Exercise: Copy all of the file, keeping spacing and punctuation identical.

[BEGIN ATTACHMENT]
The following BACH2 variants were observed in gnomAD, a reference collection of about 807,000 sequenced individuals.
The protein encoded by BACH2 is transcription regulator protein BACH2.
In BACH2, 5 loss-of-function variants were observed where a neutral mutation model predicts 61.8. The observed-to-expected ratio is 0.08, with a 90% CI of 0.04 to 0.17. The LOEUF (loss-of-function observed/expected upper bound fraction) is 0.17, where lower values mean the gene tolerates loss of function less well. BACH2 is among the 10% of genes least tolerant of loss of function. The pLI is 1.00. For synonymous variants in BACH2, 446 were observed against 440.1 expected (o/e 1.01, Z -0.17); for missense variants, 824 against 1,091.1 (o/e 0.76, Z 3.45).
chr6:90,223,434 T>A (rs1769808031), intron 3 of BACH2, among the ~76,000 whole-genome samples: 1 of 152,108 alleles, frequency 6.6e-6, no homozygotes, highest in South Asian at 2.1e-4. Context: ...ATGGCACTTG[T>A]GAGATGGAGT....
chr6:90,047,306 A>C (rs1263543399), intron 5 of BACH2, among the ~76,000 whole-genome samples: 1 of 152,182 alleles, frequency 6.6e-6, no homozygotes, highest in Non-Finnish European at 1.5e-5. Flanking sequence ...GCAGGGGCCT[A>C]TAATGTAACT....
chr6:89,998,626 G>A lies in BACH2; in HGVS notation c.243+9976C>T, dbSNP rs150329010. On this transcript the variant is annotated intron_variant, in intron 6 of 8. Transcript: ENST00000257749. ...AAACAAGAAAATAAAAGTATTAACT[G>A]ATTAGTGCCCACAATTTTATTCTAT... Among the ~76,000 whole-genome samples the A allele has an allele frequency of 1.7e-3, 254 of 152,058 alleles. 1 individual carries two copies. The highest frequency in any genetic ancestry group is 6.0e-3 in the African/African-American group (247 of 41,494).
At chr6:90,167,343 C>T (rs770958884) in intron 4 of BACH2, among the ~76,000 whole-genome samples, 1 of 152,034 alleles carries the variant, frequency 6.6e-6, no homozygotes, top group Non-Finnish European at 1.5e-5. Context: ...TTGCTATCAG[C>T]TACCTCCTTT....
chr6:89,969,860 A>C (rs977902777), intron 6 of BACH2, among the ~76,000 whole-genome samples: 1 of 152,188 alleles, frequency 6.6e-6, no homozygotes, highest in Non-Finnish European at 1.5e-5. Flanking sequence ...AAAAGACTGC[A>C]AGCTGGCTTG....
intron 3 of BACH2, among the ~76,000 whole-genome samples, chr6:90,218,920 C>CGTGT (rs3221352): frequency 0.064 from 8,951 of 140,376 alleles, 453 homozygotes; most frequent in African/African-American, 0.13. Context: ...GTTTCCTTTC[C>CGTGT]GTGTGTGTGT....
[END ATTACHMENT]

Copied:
The following BACH2 variants were observed in gnomAD, a reference collection of about 807,000 sequenced individuals.
The protein encoded by BACH2 is transcription regulator protein BACH2.
In BACH2, 5 loss-of-function variants were observed where a neutral mutation model predicts 61.8. The observed-to-expected ratio is 0.08, with a 90% CI of 0.04 to 0.17. The LOEUF (loss-of-function observed/expected upper bound fraction) is 0.17, where lower values mean the gene tolerates loss of function less well. BACH2 is among the 10% of genes least tolerant of loss of function. The pLI is 1.00. For synonymous variants in BACH2, 446 were observed against 440.1 expected (o/e 1.01, Z -0.17); for missense variants, 824 against 1,091.1 (o/e 0.76, Z 3.45).
chr6:90,223,434 T>A (rs1769808031), intron 3 of BACH2, among the ~76,000 whole-genome samples: 1 of 152,108 alleles, frequency 6.6e-6, no homozygotes, highest in South Asian at 2.1e-4. Context: ...ATGGCACTTG[T>A]GAGATGGAGT....
chr6:90,047,306 A>C (rs1263543399), intron 5 of BACH2, among the ~76,000 whole-genome samples: 1 of 152,182 alleles, frequency 6.6e-6, no homozygotes, highest in Non-Finnish European at 1.5e-5. Flanking sequence ...GCAGGGGCCT[A>C]TAATGTAACT....
chr6:89,998,626 G>A lies in BACH2; in HGVS notation c.243+9976C>T, dbSNP rs150329010. On this transcript the variant is annotated intron_variant, in intron 6 of 8. Transcript: ENST00000257749. ...AAACAAGAAAATAAAAGTATTAACT[G>A]ATTAGTGCCCACAATTTTATTCTAT... Among the ~76,000 whole-genome samples the A allele has an allele frequency of 1.7e-3, 254 of 152,058 alleles. 1 individual carries two copies. The highest frequency in any genetic ancestry group is 6.0e-3 in the African/African-American group (247 of 41,494).
At chr6:90,167,343 C>T (rs770958884) in intron 4 of BACH2, among the ~76,000 whole-genome samples, 1 of 152,034 alleles carries the variant, frequency 6.6e-6, no homozygotes, top group Non-Finnish European at 1.5e-5. Context: ...TTGCTATCAG[C>T]TACCTCCTTT....
chr6:89,969,860 A>C (rs977902777), intron 6 of BACH2, among the ~76,000 whole-genome samples: 1 of 152,188 alleles, frequency 6.6e-6, no homozygotes, highest in Non-Finnish European at 1.5e-5. Flanking sequence ...AAAAGACTGC[A>C]AGCTGGCTTG....
intron 3 of BACH2, among the ~76,000 whole-genome samples, chr6:90,218,920 C>CGTGT (rs3221352): frequency 0.064 from 8,951 of 140,376 alleles, 453 homozygotes; most frequent in African/African-American, 0.13. Context: ...GTTTCCTTTC[C>CGTGT]GTGTGTGTGT....